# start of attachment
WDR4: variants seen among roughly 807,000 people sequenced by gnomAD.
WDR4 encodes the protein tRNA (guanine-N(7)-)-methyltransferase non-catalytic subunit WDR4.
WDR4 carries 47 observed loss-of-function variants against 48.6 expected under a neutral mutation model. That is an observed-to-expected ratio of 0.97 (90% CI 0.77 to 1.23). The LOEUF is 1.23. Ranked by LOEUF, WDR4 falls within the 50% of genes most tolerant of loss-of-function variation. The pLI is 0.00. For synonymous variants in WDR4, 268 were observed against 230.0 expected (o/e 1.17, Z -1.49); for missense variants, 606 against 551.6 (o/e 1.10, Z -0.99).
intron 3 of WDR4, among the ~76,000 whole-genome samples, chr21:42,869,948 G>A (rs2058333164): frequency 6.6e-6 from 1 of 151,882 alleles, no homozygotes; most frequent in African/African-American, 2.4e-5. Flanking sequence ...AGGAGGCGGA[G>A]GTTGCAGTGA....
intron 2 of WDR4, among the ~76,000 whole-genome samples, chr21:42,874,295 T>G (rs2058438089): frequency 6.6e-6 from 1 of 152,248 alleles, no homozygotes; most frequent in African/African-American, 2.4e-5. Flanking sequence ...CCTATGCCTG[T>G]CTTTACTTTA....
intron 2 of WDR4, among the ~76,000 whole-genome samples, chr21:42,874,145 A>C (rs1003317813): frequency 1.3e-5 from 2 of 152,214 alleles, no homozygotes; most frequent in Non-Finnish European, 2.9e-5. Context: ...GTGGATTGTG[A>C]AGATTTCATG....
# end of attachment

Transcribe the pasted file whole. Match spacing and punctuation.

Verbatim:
WDR4: variants seen among roughly 807,000 people sequenced by gnomAD.
WDR4 encodes the protein tRNA (guanine-N(7)-)-methyltransferase non-catalytic subunit WDR4.
WDR4 carries 47 observed loss-of-function variants against 48.6 expected under a neutral mutation model. That is an observed-to-expected ratio of 0.97 (90% CI 0.77 to 1.23). The LOEUF is 1.23. Ranked by LOEUF, WDR4 falls within the 50% of genes most tolerant of loss-of-function variation. The pLI is 0.00. For synonymous variants in WDR4, 268 were observed against 230.0 expected (o/e 1.17, Z -1.49); for missense variants, 606 against 551.6 (o/e 1.10, Z -0.99).
intron 3 of WDR4, among the ~76,000 whole-genome samples, chr21:42,869,948 G>A (rs2058333164): frequency 6.6e-6 from 1 of 151,882 alleles, no homozygotes; most frequent in African/African-American, 2.4e-5. Flanking sequence ...AGGAGGCGGA[G>A]GTTGCAGTGA....
intron 2 of WDR4, among the ~76,000 whole-genome samples, chr21:42,874,295 T>G (rs2058438089): frequency 6.6e-6 from 1 of 152,248 alleles, no homozygotes; most frequent in African/African-American, 2.4e-5. Flanking sequence ...CCTATGCCTG[T>G]CTTTACTTTA....
intron 2 of WDR4, among the ~76,000 whole-genome samples, chr21:42,874,145 A>C (rs1003317813): frequency 1.3e-5 from 2 of 152,214 alleles, no homozygotes; most frequent in Non-Finnish European, 2.9e-5. Context: ...GTGGATTGTG[A>C]AGATTTCATG....